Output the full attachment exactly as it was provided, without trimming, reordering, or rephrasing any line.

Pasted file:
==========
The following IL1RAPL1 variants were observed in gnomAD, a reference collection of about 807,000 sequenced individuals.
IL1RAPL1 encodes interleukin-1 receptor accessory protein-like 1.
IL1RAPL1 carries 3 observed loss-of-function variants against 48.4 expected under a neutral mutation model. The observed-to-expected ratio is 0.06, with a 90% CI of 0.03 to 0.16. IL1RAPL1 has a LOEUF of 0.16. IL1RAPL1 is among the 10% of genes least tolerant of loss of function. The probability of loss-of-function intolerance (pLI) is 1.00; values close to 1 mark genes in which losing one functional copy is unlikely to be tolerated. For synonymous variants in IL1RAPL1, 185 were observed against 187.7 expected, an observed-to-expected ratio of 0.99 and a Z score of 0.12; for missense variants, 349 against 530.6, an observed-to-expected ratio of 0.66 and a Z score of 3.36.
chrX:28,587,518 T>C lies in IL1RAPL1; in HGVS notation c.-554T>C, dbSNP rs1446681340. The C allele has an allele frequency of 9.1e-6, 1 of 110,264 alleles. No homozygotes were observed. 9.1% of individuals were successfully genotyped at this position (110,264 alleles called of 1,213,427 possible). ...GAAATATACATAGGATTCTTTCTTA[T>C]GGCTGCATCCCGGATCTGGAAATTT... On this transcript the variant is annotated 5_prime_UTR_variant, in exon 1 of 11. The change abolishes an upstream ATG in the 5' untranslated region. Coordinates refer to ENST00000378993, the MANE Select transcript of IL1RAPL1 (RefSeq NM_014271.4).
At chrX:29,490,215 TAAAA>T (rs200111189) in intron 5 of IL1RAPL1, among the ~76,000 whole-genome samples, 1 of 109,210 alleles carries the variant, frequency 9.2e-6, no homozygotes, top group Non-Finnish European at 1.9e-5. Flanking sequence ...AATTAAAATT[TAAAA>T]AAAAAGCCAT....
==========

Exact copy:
The following IL1RAPL1 variants were observed in gnomAD, a reference collection of about 807,000 sequenced individuals.
IL1RAPL1 encodes interleukin-1 receptor accessory protein-like 1.
IL1RAPL1 carries 3 observed loss-of-function variants against 48.4 expected under a neutral mutation model. The observed-to-expected ratio is 0.06, with a 90% CI of 0.03 to 0.16. IL1RAPL1 has a LOEUF of 0.16. IL1RAPL1 is among the 10% of genes least tolerant of loss of function. The probability of loss-of-function intolerance (pLI) is 1.00; values close to 1 mark genes in which losing one functional copy is unlikely to be tolerated. For synonymous variants in IL1RAPL1, 185 were observed against 187.7 expected, an observed-to-expected ratio of 0.99 and a Z score of 0.12; for missense variants, 349 against 530.6, an observed-to-expected ratio of 0.66 and a Z score of 3.36.
chrX:28,587,518 T>C lies in IL1RAPL1; in HGVS notation c.-554T>C, dbSNP rs1446681340. The C allele has an allele frequency of 9.1e-6, 1 of 110,264 alleles. No homozygotes were observed. 9.1% of individuals were successfully genotyped at this position (110,264 alleles called of 1,213,427 possible). ...GAAATATACATAGGATTCTTTCTTA[T>C]GGCTGCATCCCGGATCTGGAAATTT... On this transcript the variant is annotated 5_prime_UTR_variant, in exon 1 of 11. The change abolishes an upstream ATG in the 5' untranslated region. Coordinates refer to ENST00000378993, the MANE Select transcript of IL1RAPL1 (RefSeq NM_014271.4).
At chrX:29,490,215 TAAAA>T (rs200111189) in intron 5 of IL1RAPL1, among the ~76,000 whole-genome samples, 1 of 109,210 alleles carries the variant, frequency 9.2e-6, no homozygotes, top group Non-Finnish European at 1.9e-5. Flanking sequence ...AATTAAAATT[TAAAA>T]AAAAAGCCAT....